Listening is a „highly complex problem solving activity"
Listening is one of four language skills, next to reading, writing, and speaking. Spoken language is very different than written language.
In contrary to reading and writing, speaking and listening are (1) delivered through the medium of sound (as opposed to print for written language); (2) linear and live; (3) are also linguistically different. These lead to "a wide range of input styles". Assimilating this variety is what makes listening so difficult
. But without listening what's the point of speaking? Everything has been said but not by everyone yet.
This morning on LinkedIn there were more then 1.3 million speakers. As far as I am concerned for every profile with a "speaker" tag in their job description, there are at least 5 more without. This is great: Change starts with standing up and sharing your ideas with the world. This is what the web's about - connecting people. But with roundabout 10 million speakers around there are only few who want to be known for listening.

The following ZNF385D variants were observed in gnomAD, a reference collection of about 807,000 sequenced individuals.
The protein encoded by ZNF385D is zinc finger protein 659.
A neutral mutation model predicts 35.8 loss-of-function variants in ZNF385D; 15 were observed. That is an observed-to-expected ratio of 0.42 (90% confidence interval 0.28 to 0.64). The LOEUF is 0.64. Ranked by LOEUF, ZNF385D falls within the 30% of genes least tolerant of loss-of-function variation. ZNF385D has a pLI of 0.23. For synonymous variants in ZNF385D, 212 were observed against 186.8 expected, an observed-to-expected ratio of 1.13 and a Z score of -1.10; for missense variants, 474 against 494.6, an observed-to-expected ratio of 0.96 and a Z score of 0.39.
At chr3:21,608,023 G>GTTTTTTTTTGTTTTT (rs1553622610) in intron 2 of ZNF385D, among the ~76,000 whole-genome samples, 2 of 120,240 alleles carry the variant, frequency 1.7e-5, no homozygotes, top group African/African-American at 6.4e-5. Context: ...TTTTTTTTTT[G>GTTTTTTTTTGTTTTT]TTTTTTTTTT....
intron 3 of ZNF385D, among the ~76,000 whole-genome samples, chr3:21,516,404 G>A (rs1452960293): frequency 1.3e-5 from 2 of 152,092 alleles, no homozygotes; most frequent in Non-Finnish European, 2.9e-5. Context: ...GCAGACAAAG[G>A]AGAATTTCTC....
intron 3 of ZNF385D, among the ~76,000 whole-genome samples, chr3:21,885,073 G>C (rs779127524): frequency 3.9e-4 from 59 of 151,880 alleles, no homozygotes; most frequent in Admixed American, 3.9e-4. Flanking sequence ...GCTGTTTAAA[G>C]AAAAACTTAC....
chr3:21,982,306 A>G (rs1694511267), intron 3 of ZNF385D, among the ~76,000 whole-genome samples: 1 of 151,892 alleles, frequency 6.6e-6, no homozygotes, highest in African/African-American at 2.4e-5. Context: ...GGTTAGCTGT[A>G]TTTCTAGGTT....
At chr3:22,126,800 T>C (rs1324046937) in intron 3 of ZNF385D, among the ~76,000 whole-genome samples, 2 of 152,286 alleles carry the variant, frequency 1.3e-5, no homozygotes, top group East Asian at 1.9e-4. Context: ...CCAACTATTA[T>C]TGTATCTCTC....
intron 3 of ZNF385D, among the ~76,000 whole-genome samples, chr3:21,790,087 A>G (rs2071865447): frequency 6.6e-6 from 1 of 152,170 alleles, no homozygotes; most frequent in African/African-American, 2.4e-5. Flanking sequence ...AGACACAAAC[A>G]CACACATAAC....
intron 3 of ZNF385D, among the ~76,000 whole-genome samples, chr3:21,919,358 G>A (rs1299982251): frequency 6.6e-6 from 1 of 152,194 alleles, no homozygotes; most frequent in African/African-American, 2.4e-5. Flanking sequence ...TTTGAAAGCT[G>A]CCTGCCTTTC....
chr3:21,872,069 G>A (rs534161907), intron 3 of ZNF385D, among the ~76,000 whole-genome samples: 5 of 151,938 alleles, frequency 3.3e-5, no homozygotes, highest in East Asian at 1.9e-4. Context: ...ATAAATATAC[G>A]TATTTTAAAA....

That wouldn't surprise you if you'd recall the last conference you visited:
- How many of the speeches were relevant to you?
- How many of them could you acoustically hear well?
- And how many of them were also delivered well?
- How many could hold your attention for at least a minute?
- And for 15 minutes?
- How many did you listen to the end?
- How many do you remember?
If your result resembles mine you will also wonder why we bother speaking. And if listening matters? W.A.I.T. = Why Am I Talking
Another way to put it is using the Chinese proverb "You have one mouth but two years." Great speakers are rare, but great listeners scarce. Listening is the ultimative communication bottleneck. It is one of the most important leadership skills and the first thing you need to master as a coach. Good listeners make people believe they were heard. Great listeners let them feel that what they said matters.